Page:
• The credit recovery trail. Of course, we don’t call it that, but we should. Students in this stream are often enrolled in “level” courses, but this is a trick. These are the children who enter high school with very low levels of academic preparation, who struggle to meet the demands of their academic courses, accumulating many failures along the way. Unlike the old General Track, most of these students stay in school – a kind of success and the result of state policies that hold schools and districts accountable for increasing graduation rates. But since many of these students were so ill-prepared to begin with, we had to invent workarounds, especially credit recovery programs. questionable value (except maybe for-profit companies reap juicy financial rewardsand administrators who have used it to increase their number of graduates), plus the “reforms” that make it easier for students to get passing grades. None of this helps these students, and it probably devalues ​​the high school diploma as well. I would estimate that 30% of American high school students are in this stream; that’s about the number the NAEP considers “below baseline” in math (32%) and reading (28%) upon leaving eighth grade.

Certainly, today’s system is in some ways an improvement over yesterday’s. The collapse of College Prep and Voc-Ed streams means more students are being pushed into high-level work, which is certainly a good thing. The double listing, at least when done correctly, seems to show special promise to bring more children on the way to university. Efforts to help children earn technical degrees while still in high school are also encouraging.

But there are also compromises. This means that we don’t give students time for real vocational training while they are still in high school, as we see in Austria and Germany, where their junior and senior counterparts can spend virtually all day learning. or in technical courses. Are we so sure that career-minded students would be better off spending their time studying Spanish, Fine Arts, and English IV rather than, say, an internship in a hospital center or restaurant kitchen or a top-notch electronics factory? A better approach is that taken by Kirwan Commission of Maryland, whereby students who demonstrate mastery of key skills for college and career by the end of the tenth year are allowed to move on to either genuine college preparation or genuine vocational training. This would again split the College and Career Ready track in two, but after tenth grade.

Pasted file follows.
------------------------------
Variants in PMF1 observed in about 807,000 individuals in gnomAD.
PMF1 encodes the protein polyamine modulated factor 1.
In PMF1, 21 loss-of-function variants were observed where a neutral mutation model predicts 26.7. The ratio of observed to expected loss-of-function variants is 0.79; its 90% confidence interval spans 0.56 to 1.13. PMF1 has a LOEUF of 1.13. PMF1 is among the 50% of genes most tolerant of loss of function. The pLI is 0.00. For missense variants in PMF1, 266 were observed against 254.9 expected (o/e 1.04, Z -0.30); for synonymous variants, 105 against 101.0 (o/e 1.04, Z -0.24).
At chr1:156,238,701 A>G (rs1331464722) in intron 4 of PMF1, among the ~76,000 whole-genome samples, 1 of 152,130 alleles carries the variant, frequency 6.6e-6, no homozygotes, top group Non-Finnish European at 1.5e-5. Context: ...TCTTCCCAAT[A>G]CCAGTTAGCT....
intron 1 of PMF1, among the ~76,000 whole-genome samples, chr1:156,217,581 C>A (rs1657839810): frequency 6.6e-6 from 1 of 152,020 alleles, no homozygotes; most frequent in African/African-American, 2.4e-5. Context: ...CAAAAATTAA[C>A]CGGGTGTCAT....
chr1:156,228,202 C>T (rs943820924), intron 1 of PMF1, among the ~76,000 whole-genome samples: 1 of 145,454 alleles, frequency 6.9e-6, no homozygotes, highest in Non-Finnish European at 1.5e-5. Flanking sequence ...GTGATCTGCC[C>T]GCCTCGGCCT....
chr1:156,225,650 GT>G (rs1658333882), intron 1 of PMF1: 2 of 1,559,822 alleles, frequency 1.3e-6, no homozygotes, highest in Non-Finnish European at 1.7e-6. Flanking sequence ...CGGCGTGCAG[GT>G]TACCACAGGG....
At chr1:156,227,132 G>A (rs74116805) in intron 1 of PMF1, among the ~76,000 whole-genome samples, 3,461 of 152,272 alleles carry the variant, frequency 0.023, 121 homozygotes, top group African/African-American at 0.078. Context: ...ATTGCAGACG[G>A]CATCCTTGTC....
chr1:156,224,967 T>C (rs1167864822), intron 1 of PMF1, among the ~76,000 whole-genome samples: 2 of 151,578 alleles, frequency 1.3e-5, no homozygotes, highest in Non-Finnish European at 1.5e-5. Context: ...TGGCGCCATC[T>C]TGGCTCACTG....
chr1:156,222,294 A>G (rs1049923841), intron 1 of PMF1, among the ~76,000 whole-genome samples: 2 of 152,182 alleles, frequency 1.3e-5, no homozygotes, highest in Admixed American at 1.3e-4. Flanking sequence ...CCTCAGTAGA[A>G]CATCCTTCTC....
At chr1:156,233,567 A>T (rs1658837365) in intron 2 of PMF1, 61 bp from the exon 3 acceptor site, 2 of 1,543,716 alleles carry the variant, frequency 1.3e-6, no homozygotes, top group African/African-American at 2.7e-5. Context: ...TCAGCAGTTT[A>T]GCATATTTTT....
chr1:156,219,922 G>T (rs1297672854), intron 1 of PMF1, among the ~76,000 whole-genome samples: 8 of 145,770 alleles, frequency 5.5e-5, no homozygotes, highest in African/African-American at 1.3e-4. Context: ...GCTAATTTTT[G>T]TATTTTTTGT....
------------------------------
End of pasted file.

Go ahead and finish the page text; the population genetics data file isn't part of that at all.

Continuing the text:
My biggest concern, however, is with what I call the credit recovery trail. Yeah, it’s good that most of these kids don’t drop out. They are safe and warm, fed and cared for in high school, and off the streets. It’s not nothing. But I wonder if the approach we’ve taken is the best we can do – which is to put students through lots of failures, then have them click through a bunch of boring computerized makeup programs, and finally have them handing in a diploma they can barely read, with no plan or training for what happens the day after graduation.

I will explore other options in a future article.

What is undeniable is that we continue to follow the children, and until we send many more children to high school at much higher levels of achievement, we will continue to follow the children until the end times, whether or not we admit that this is what we are doing. The only real question is what the tracks look like and where they go. The sooner we are honest about this, the better.